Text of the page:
Simulation tracks Covid-related plastic waste around the world’s oceans
Image credit: Dreamstime
The amount of single-use plastic pollution created by the Covid-19 pandemic, such as face masks, gloves, and face shields, is intensifying pressure on an already out-of-control global plastic problem, a study has found.
While many other studies have suggested that there will be a massive influx of Covid-related mismanaged plastic waste, the researchers from the University of California San Diego (UC San Diego) believe their project is the first to assess the magnitude of the waste that will enter the oceans.
It uses a newly developed ocean plastic numerical model to quantify the impact of the pandemic on plastic discharge from land sources.
Using the model, the researchers found that more than eight million tons of pandemic-associated plastic waste has been generated globally, with more than 25,000 tons entering the global ocean.
Within three to four years, a significant portion of this ocean plastic debris is expected to make its way onto either beaches or the seabed. A smaller portion will go into the open ocean and will eventually be trapped in the centres of ocean basins or subtropical gyres, becoming floating garbage patches.
The researchers incorporated data from the start of the pandemic in 2020 through August 2021, finding that most of the global plastic waste entering the ocean is coming from Asia, with hospital waste representing the bulk of the land discharge. The study reveals the need for better management of medical waste in developing countries.
“When we started doing the math, we were surprised to find that the amount of medical waste was substantially larger than the amount of waste from individuals, and a lot of it was coming from Asian countries, even though that’s not where most of the Covid-19 cases were,” said study co-author Amina Schartup, an assistant professor at Scripps Oceanography in UC San Diego.
“The biggest sources of excess waste were hospitals in areas already struggling with waste management before the pandemic; they just weren’t set up to handle a situation where you have more waste.”
Yanxu Zhang, a professor from Nanjing University that also worked on the study, said their plastic waste model was built based on Newton’s laws of motion and the law of conservation of mass.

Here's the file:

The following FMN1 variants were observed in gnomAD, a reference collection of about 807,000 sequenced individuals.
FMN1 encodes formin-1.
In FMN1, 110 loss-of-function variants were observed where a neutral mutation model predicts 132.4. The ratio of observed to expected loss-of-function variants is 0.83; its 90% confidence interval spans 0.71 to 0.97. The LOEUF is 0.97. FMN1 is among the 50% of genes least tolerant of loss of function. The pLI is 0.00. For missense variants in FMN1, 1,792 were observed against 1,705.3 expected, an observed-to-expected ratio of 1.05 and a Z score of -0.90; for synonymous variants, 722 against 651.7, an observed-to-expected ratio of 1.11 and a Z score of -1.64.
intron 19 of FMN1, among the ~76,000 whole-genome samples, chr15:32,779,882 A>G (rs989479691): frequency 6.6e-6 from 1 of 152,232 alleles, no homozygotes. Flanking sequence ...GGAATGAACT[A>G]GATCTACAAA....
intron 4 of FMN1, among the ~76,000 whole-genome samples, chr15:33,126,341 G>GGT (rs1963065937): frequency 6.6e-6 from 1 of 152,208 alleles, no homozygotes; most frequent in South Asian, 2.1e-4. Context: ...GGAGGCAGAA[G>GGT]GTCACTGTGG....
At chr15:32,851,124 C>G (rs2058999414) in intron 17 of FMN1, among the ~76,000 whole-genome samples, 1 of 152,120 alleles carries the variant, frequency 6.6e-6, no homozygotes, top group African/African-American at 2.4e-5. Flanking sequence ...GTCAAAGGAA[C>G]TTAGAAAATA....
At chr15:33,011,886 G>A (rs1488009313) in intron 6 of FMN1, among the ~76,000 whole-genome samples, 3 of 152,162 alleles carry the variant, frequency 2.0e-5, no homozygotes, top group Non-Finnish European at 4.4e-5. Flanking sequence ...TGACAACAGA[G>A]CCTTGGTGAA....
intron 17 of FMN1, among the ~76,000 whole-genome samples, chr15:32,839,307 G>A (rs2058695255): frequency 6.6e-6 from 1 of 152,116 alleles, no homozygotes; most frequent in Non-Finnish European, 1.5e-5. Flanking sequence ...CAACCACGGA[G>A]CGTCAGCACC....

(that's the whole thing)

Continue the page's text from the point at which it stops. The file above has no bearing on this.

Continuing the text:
“The model simulates how the seawater moves driven by wind and how the plastics float on the surface ocean, degraded by sunlight, fouled by plankton, landed on beaches, and sunk to the deep,” he said. “It can be used to answer ‘what if’ questions, for example, what will happen if we add a certain amount of plastics to the ocean?”
The researchers found that most of the global plastic waste from the pandemic is entering the ocean from rivers. Asian rivers account for 73 per cent of the total discharge of plastics, with the top three contributors being the Shatt al-Arab, Indus, and Yangtze rivers, which discharge into the Persian Gulf, Arabian Sea, and East China Sea. European rivers account for 11 per cent of the discharge, with minor contributions from other continents.
While most of the pandemic-associated plastics are expected to settle on beaches and the seafloor, a smaller amount is likely to end up circulating or settling in the Arctic Ocean, which appears to be a “dead-end” for plastic debris transported into it due to ocean circulation patterns, the authors said.
The model shows that about 80 per cent of the plastic debris that transits into the Arctic Ocean will sink quickly, and a circumpolar plastic accumulation zone will be formed by around 2025, the study predicts.
The Arctic ecosystem is already considered to be particularly vulnerable due to the harsh environment and high sensitivity to climate change. The potential ecological impacts of exposure to accumulated Arctic plastics adds another layer of concern, the researchers added.
To combat the influx of plastic waste into the oceans, they urged better management of medical waste in epicentres, especially in developing countries and also called for global public awareness of the environmental impact of personal protection equipment (PPE) and other plastic products.
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